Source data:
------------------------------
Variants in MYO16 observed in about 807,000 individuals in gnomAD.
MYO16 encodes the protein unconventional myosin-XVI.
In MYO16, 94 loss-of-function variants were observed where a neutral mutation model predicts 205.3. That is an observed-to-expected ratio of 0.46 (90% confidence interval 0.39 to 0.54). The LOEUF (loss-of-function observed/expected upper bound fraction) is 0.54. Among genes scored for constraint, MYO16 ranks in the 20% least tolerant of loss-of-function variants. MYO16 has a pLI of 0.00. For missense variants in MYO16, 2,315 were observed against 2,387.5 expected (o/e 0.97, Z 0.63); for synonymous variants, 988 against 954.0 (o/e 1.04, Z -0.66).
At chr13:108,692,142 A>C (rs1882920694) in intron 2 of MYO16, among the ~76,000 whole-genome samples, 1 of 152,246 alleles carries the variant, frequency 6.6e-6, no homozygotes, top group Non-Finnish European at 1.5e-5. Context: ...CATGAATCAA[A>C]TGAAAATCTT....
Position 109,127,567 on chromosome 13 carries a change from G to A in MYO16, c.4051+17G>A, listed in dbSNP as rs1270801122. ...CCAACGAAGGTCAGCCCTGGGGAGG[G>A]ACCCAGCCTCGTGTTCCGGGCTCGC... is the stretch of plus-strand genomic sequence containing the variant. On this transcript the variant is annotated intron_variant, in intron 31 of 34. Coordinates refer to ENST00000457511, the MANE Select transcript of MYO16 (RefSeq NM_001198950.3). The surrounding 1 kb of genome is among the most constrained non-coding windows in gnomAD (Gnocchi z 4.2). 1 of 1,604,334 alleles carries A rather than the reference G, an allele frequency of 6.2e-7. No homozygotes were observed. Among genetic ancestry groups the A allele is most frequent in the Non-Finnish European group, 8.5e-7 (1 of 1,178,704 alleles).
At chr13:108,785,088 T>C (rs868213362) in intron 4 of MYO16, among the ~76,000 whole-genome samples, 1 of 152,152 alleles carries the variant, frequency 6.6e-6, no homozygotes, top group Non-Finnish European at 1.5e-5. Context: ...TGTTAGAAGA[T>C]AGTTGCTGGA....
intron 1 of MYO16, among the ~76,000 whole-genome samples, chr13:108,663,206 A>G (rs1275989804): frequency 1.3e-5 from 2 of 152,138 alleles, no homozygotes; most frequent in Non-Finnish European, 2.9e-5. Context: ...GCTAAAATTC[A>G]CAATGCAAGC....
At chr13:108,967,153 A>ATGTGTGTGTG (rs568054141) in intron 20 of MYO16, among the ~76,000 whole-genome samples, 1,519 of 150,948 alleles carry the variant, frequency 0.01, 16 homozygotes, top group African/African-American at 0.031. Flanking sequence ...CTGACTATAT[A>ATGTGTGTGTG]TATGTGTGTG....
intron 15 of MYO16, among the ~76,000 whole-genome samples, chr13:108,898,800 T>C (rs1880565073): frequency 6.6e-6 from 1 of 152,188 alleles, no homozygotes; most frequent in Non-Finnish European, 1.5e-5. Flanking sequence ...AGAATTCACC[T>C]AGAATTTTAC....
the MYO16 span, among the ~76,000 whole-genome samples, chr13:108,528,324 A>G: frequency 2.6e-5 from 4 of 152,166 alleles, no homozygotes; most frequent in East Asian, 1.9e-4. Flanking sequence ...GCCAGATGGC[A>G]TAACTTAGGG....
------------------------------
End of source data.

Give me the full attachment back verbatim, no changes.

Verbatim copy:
Variants in MYO16 observed in about 807,000 individuals in gnomAD.
MYO16 encodes the protein unconventional myosin-XVI.
In MYO16, 94 loss-of-function variants were observed where a neutral mutation model predicts 205.3. That is an observed-to-expected ratio of 0.46 (90% confidence interval 0.39 to 0.54). The LOEUF (loss-of-function observed/expected upper bound fraction) is 0.54. Among genes scored for constraint, MYO16 ranks in the 20% least tolerant of loss-of-function variants. MYO16 has a pLI of 0.00. For missense variants in MYO16, 2,315 were observed against 2,387.5 expected (o/e 0.97, Z 0.63); for synonymous variants, 988 against 954.0 (o/e 1.04, Z -0.66).
At chr13:108,692,142 A>C (rs1882920694) in intron 2 of MYO16, among the ~76,000 whole-genome samples, 1 of 152,246 alleles carries the variant, frequency 6.6e-6, no homozygotes, top group Non-Finnish European at 1.5e-5. Context: ...CATGAATCAA[A>C]TGAAAATCTT....
Position 109,127,567 on chromosome 13 carries a change from G to A in MYO16, c.4051+17G>A, listed in dbSNP as rs1270801122. ...CCAACGAAGGTCAGCCCTGGGGAGG[G>A]ACCCAGCCTCGTGTTCCGGGCTCGC... is the stretch of plus-strand genomic sequence containing the variant. On this transcript the variant is annotated intron_variant, in intron 31 of 34. Coordinates refer to ENST00000457511, the MANE Select transcript of MYO16 (RefSeq NM_001198950.3). The surrounding 1 kb of genome is among the most constrained non-coding windows in gnomAD (Gnocchi z 4.2). 1 of 1,604,334 alleles carries A rather than the reference G, an allele frequency of 6.2e-7. No homozygotes were observed. Among genetic ancestry groups the A allele is most frequent in the Non-Finnish European group, 8.5e-7 (1 of 1,178,704 alleles).
At chr13:108,785,088 T>C (rs868213362) in intron 4 of MYO16, among the ~76,000 whole-genome samples, 1 of 152,152 alleles carries the variant, frequency 6.6e-6, no homozygotes, top group Non-Finnish European at 1.5e-5. Context: ...TGTTAGAAGA[T>C]AGTTGCTGGA....
intron 1 of MYO16, among the ~76,000 whole-genome samples, chr13:108,663,206 A>G (rs1275989804): frequency 1.3e-5 from 2 of 152,138 alleles, no homozygotes; most frequent in Non-Finnish European, 2.9e-5. Context: ...GCTAAAATTC[A>G]CAATGCAAGC....
At chr13:108,967,153 A>ATGTGTGTGTG (rs568054141) in intron 20 of MYO16, among the ~76,000 whole-genome samples, 1,519 of 150,948 alleles carry the variant, frequency 0.01, 16 homozygotes, top group African/African-American at 0.031. Flanking sequence ...CTGACTATAT[A>ATGTGTGTGTG]TATGTGTGTG....
intron 15 of MYO16, among the ~76,000 whole-genome samples, chr13:108,898,800 T>C (rs1880565073): frequency 6.6e-6 from 1 of 152,188 alleles, no homozygotes; most frequent in Non-Finnish European, 1.5e-5. Flanking sequence ...AGAATTCACC[T>C]AGAATTTTAC....
the MYO16 span, among the ~76,000 whole-genome samples, chr13:108,528,324 A>G: frequency 2.6e-5 from 4 of 152,166 alleles, no homozygotes; most frequent in East Asian, 1.9e-4. Flanking sequence ...GCCAGATGGC[A>G]TAACTTAGGG....